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We wrote these notes to cover what a lot of people ask us on the topic of tipping, it is merely a guideline and totally at your discretion. The custom of tipping is not meant to cause headache or distress but tips are a part of the way things happen in Botswana.


Who to tip when on safari in Botswana


Before thinking about the amount or how to tip, think about who to tip. Many people work to make your travel a success. Consider:


Tipping guides

Your safari guide will be one of the most important people in making your safari a success. With this in mind, we suggest tipping him/her separately, to ensure that they get the tip they deserve. 


Tipping the back of house team

There are many staff behind the scenes, or in the 'back of house' like the kitchen team, the maids and the housekeeping staff, to tip them most camps have a ‘general staff tip box’ – the proceeds of which are divided equally between the staff.


Tipping the managers

It would be unusual and certainly not expected to tip a manager unless they had really gone out of their way to help you specifically.



When to tip


You may ask yourself when you should tip, is it after each activity, at the end of each day or at the end of your stay?


The answer is to tip only once, and always at the end of your stay at each safari lodge or camp. No-one expects a tip immediately after an activity or drive so hold back until the end of your stay at a destination.


How to tip


Most camps and safari lodges in Botswana have a ‘tip box’, and often their own tipping policy. Sometimes the ‘tip box’ will be for all the staff; sometimes it’ll be for the staff excluding the guides; occasionally it’ll be arranged differently.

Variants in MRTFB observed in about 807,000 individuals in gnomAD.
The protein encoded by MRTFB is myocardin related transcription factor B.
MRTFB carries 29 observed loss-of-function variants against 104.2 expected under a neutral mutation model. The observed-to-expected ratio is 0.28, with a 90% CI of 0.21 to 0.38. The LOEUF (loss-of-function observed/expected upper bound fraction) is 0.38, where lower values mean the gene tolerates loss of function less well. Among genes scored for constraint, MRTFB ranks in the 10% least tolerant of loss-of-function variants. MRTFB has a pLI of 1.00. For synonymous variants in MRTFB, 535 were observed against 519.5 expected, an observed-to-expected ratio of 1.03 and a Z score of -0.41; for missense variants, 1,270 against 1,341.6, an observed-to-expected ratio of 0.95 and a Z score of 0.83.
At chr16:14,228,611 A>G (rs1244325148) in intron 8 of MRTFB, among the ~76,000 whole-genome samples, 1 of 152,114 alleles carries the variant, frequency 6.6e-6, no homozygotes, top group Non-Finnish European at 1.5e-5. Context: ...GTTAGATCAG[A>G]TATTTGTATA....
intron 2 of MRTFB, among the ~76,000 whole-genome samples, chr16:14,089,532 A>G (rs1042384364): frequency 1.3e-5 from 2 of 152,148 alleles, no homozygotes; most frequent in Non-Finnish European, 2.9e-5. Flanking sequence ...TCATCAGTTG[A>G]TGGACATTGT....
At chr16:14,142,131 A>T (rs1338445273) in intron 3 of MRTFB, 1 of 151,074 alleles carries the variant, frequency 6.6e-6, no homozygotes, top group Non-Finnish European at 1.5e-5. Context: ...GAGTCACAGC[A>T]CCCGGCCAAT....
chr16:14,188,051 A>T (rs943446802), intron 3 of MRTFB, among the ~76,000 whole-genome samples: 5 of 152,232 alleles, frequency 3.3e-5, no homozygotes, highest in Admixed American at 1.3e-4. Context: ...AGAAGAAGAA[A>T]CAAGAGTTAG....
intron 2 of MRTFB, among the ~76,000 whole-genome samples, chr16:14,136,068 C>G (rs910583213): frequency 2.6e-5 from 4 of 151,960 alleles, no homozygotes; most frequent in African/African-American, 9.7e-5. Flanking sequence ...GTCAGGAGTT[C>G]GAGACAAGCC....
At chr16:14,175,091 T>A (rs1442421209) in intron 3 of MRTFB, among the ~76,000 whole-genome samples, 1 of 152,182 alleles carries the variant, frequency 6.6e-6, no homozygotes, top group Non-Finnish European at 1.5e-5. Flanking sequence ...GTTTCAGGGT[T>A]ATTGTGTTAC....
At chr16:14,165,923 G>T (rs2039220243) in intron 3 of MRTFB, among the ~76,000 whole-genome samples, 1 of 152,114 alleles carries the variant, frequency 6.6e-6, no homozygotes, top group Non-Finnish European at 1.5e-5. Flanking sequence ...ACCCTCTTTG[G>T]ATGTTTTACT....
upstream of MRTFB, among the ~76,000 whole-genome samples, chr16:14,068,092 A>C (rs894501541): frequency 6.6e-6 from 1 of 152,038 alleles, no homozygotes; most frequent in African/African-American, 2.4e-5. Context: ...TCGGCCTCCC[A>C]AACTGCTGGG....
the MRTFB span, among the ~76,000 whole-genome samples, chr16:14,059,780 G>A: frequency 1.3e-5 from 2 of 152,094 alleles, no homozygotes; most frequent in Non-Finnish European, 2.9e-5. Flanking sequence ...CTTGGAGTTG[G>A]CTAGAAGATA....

Some camps explain their tipping policy in the literature left in their rooms. If not, ask the manager and, if there’s a tip box, find out who shares the proceeds of this. You can then decide whether to put everything into the box, or to tip some members of the team separately and more directly. In most Botswana camps, guides, trackers, mokoro polers and butlers are usually tipped directly; other staff are usually lumped together into the ‘general staff tip box’. But this varies, so do ask!


Travelers often ask if they can tip by credit card – and the answer depends on the camp, their accounting practices and their ability to process cards. However it is best to tip with cash, in USD or GBP or any Southern African currency.


Something which may help you is to bring a few small envelopes that you can put tips in with a Thank You written on it.



How much to tip


Bear in mind that all we can offer here is guidelines from our own travels and experience as guides ourselves – it depends on your personal opinion and your individual satisfaction.


Given that, we’d recommend that for good service, our travelers tip around: 

  • US$10 per guest per day for a group guide

  • US$20 per guest per day for a private guide

  • US$5 per guest per day for mokoro polers, trackers or a butler

  • US$5 per guest per day for the general staff


Tipping is a sensitive issue, but there is no need to feel embarrassed. It’s a normal part of a service industry in Botswana, as it is in restaurants in many countries. Just remember that relatively affluent visitors can have a big impact on the local economy.

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